“It’s that commitment to service, it’s humbling and it’s really inspiring to a lot of people,” he said.

Gabbard, who was elected to the House in 2012, said that adding more women veterans to the congressional ranks would be “very significant,” particularly because so few men or women of this generation have chosen to serve in the military. She said female vets running for office should emphasize their service.

“Don’t shy away from talking about your service and how it’s impacted your life in every respect,” she said.

Last year, about 10 female vets competed in general election contests for Congress, according to Lynn’s group.  But the number of female vets to win congressional seats has grown very slowly.


From Center for Second Service. Democratic candidates are in blue and Republicans are in red.

The first, Catherine Small Long, a Navy veteran, served only one term in 1985 after winning an election to fill her late husband’s seat.  Then came former Rep. Heather Wilson (R-N.M.), the first woman to command Basic Cadet Training, who served in the House from 1998 to 2008, followed by Rep. Sandy Adams (R-Fla.) who served a single term from 2011-2013.

Martha McSally, a retired Air Force Colonel is running for the second time against Arizona Democrat Rep. Ron Barber. In 2012, McSally lost a close race to Barber in the special election to replace former Rep. Gabrielle Giffords (D), who resigned after being seriously wounded by a gunman who opened fire at a event the congresswoman was holding at a shopping center near Tuscon. Barber is a former aide to Giffords.

McSally said her military career has more than prepared her for the rigors of elected office – and not just from a leadership perspective.

“Politics is not for the faint of heart and in a campaign you go through a lot of character assassination and lies and people making things up about you, and it can be pretty challenging to some people,” she said. “Being a woman in the military and breaking through the barriers that I have, I’ve been through a lot of that already.”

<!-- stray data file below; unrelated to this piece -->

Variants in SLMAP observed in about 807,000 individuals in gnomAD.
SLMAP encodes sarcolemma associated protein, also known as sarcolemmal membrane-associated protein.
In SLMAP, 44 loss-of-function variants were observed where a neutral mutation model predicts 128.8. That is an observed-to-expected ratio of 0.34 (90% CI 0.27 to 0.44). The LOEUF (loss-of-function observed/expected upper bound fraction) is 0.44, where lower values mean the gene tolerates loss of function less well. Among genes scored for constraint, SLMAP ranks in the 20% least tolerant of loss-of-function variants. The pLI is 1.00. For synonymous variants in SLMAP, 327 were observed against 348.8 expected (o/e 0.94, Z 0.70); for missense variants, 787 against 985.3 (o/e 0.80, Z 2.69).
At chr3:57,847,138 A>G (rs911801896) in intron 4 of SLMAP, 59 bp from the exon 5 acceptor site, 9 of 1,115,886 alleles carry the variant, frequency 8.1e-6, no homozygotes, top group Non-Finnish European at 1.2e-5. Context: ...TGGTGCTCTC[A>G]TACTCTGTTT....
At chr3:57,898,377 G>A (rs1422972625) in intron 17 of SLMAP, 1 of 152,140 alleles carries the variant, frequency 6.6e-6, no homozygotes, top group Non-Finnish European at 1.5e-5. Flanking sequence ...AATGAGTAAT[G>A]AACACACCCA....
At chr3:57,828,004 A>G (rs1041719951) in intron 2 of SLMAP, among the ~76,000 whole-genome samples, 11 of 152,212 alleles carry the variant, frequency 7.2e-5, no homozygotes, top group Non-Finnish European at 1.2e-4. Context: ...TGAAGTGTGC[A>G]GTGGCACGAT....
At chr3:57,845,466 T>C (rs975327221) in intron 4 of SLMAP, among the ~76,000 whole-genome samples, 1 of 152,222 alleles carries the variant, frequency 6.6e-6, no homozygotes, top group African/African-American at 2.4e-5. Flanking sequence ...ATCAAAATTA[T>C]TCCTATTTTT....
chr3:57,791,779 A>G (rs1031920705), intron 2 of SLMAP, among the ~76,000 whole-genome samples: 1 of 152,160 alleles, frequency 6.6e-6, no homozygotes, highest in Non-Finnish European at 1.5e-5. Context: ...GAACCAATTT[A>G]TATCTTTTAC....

As Congress grapples with how to prosecute sexual assaults and the chain of command in the military, the addition of more women who have experience in the Armed Forces will add unique and necessary voices to the debate, McSally said.

“Having been in the chain of command and a commander, seeing the leadership basically fail on this issue, instead of getting talking points from staff you can speak first hand from your experiences,” she said, noting that as the first female pilot to fly in combat she had broken some glass ceilings much to the dismay of some in the military.

Lynn and Walsh said given the rising interest among female veterans to get into politics, they plan to team up for the next cycle to offer a training program for those who want to run for elected office. A near-even number of Democratic and Republican female veterans are running for office.

That bipartisanship is something Rogers said she hopes to carry into a divided House, should she win her race.

“When I get to Congress, the women veterans are going to be the first ones I look up and go have lunch with irrespective of their party of affiliation,” Rogers said.  “Because there is a bond, there is an understanding.”